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UGS 302: Fashion, Beauty & Culture / Wilson

Evaluate Sources

Evaluate All Sources

It is up to you to determine the credibility and relevance of any source, whether you find it with a Google search, in the library or on social media.  Remember that the credibility and relevance of a source depends on your purpose. 

1. Before you search, consider the purpose of your search, who your audience is and what would make credible evidence. By doing so, you'll know what source type you need and which tool you should use to find it.

  • Example: you are writing a scholarly paper for your Psych class about the impact of Covid-19 on college student's mental health. Your audience is an academic one (your professor and classmates) and scholarly, peer-reviewed articles you find in Library databases are considered credible evidence for academic audiences. 
  • Example: you and your friends are feeling stressed out by the pandemic and you want to find practical suggestions of what you can do to share with them. You audience is your friends (non-experts) looking for some practical suggestions that have worked for other people. Health and wellness blogs, social media accounts, magazines and websites would provide you with this kind of information and seeing reviews from other people like you would help you determine if you want to try out the approach suggested.

Step 2: When you find a source, dig in deeply. Find out everything you can about that source, including who wrote it and what their expertise is to write about the source. Look at where and why it was published/posted/hosted and consider whether that has any impact on how biased the source is. Check to see where they got their information and determine whether you think their information sources are credible. Check to see when it was published/posted. Is it outdated or current enough for your purposes?

  • Example: For your class paper about the impact of Covid on college students' mental health, you search a library psychology database and find an article relevant to your topic. The author is a psychology professor and the article is from a peer-reviewed journal. The sources the author used, listed in the bibliography, include original data the professor collected for the research and other peer-reviewed articles. It was published two months ago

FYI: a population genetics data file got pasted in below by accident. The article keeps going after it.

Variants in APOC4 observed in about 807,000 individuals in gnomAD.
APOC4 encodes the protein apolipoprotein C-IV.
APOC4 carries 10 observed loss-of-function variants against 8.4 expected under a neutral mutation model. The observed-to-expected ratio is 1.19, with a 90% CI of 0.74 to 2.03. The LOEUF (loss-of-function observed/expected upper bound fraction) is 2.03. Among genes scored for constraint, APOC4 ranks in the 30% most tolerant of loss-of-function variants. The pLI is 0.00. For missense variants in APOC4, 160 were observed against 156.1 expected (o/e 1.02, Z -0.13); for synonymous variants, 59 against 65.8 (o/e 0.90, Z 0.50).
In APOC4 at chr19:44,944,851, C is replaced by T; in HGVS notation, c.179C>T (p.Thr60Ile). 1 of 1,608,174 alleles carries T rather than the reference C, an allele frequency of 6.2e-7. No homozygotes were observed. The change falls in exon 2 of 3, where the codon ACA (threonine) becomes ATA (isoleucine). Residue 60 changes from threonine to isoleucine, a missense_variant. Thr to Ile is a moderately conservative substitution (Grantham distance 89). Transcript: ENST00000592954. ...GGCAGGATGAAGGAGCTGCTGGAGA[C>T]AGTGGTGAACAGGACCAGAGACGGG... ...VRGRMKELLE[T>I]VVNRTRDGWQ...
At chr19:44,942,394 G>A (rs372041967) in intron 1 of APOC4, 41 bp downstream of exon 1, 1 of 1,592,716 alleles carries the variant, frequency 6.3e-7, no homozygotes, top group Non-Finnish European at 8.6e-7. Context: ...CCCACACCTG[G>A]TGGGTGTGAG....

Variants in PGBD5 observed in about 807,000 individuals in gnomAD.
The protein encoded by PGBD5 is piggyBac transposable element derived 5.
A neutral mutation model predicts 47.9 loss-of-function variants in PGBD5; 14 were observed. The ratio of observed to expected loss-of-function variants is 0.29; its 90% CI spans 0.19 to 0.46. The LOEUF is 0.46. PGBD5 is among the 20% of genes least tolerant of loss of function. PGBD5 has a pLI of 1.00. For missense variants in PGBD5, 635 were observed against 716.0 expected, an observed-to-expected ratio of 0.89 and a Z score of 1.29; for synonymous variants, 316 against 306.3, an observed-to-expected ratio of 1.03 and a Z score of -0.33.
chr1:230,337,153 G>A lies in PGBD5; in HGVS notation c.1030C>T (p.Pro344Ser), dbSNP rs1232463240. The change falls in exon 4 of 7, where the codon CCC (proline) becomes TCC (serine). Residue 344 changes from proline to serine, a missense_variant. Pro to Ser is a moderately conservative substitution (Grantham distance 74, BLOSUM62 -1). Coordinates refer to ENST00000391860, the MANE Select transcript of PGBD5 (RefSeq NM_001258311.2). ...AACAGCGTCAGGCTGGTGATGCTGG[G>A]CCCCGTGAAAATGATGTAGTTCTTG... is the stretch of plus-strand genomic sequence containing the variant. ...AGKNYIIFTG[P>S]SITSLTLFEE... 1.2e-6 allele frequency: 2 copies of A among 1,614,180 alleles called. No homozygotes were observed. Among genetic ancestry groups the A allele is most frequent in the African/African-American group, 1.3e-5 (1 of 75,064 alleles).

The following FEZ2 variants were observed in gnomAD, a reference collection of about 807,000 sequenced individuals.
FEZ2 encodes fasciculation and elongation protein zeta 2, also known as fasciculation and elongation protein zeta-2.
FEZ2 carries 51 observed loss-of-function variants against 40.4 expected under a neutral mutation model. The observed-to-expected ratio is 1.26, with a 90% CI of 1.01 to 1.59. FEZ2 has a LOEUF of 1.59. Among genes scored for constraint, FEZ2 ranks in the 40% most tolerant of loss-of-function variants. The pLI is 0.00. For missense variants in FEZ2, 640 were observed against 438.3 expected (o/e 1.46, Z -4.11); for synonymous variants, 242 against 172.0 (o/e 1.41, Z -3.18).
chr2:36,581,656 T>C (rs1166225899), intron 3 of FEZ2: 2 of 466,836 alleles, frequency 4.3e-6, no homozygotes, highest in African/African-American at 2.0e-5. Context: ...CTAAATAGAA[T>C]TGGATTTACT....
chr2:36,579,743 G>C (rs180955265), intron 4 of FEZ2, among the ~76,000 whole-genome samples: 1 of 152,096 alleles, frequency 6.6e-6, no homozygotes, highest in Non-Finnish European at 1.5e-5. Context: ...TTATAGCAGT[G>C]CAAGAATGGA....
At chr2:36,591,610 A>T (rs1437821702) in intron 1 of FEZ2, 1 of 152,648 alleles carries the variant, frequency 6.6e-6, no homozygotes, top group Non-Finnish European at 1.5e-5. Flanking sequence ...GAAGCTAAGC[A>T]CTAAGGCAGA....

• Example:. You find an Instagram influencer who suggest a meditation app for dealing with pandemic stress. Nothing about the app would cause you bodily harm and lots of followers of this account are commenting that it is working for them. The post is a week old.

Step 3: Read laterally, like a fact checker. Now that you've dug deeply into the source itself, leave the source and look elsewhere. What are other people saying/writing about the topic? Can you corroborate? Is there controversy?  Is there newer information that would impact your trust in that source? Did you learn anything about the author that make you question their expertise?

  • Example: You keep searching the scholarly literature for your topic and find more articles that are in alignment with the first one you found. You also learn from the University website where the author works that they have spent their career specializing in the impact of pandemics on adolescent mental health.
  • Example: You go to the app store and the app has thousands of downloads and great reviews. You also read a few articles on health websites from college mental health centers about the benefits of meditation for pandemic-induced stress. You find out that the influencer is being paid to promote the app but based on everything you've seen about it, you don't feel that bias means the app is problematic.

What is Scholarly/Peer-Reveiwed?

You may be asked to look for peer-reviewed, research, scholarly, referred or academic articles - all names for the same type of source. What are they? These articles go through the  peer-review process before they are published. A scholar/researcher/professor submits their article to a journal and it is sent to other experts in the field (peers) to ensure that they contain high-quality, original research important to the field. This is a measure of quality control other types of articles don't go through. 


If you can't tell whether or not a journal is peer-reviewed, check Ulrichsweb.

  1. access the database
  2. type in the title of the journal
  3. peer-reviewed journals will have a referee jersey ("refereed" is another term for "peer-reviewed") - example below

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